Sony also had Final Fantasy XV on their stand as well as the excellent looking open world adventure with bow and arrow and robots, Horizon Zero Dawn which I’m quite looking forward to. Finally, there were rows of Gran Turismo Sport pods and a selection interesting looking VR games. I still struggle with focusing well with VR headsets, I really should get back to wearing contacts at some point to really give them a proper try but so far they’re mostly passing me by.
Regular event sponsor Virgin Media were again running an event for the weekend, this time competitive Destiny matches with prizes to the top scorers. I would have love to have given this a try, but I’ve not actually gotten around to playing Destiny at all so thought it best to save myself from utter defeat.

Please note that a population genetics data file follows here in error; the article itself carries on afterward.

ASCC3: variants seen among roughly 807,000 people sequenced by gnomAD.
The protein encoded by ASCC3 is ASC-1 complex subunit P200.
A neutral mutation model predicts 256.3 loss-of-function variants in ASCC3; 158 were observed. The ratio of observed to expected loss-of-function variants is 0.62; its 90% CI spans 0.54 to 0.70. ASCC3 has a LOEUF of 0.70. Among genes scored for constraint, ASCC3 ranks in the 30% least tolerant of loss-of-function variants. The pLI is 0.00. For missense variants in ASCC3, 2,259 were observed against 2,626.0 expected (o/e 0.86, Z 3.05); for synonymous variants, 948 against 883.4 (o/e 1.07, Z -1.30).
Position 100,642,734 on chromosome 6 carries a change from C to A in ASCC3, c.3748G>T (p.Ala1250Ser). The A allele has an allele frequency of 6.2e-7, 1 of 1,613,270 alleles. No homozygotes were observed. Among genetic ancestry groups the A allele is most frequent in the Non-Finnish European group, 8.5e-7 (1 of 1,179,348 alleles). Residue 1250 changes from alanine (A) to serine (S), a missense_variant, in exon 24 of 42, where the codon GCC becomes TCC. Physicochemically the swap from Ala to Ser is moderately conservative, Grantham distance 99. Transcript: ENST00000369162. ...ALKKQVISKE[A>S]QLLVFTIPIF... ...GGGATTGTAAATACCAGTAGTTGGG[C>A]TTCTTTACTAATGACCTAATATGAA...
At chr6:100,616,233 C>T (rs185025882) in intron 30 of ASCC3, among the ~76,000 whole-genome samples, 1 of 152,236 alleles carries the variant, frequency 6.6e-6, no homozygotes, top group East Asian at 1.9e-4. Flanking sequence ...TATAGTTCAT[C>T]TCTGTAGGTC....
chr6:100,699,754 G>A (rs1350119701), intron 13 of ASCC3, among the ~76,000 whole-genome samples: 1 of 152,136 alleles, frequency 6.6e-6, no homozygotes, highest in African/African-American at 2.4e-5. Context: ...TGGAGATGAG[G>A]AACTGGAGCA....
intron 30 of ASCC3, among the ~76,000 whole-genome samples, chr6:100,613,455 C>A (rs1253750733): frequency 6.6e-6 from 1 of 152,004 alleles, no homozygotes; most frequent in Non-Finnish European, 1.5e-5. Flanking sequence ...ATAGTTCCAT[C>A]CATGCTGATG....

Elsewhere, there were also Tekken 7 and Street Fighter V tournaments going on. I’ve fallen well behind with both series, but the current entries of each both look to be very impressive games and we got to see some professional and incredibly close Street Fighter matches be played which was very cool.
I almost missed Microsoft altogether, somewhat hidden behind the 18+ barrier at the top end of the hall. Given their larger display last year this seemed a little odd and even more so with a small selection of games and Gears of War 4 being the only exclusive playable. Gears still looks great, and is probably the game I'm most looking forward to for the next couple of months. Also in the over 18 section were Battlefield 1 and Titanfall 2, two of EA's biggest upcoming titles. Many have of course played the recent beta of Battlefield and know that it's already shaping up very well and is one of the most anticipated titles this year, and Titanfall 2 is also looking like a big improvement over the first game.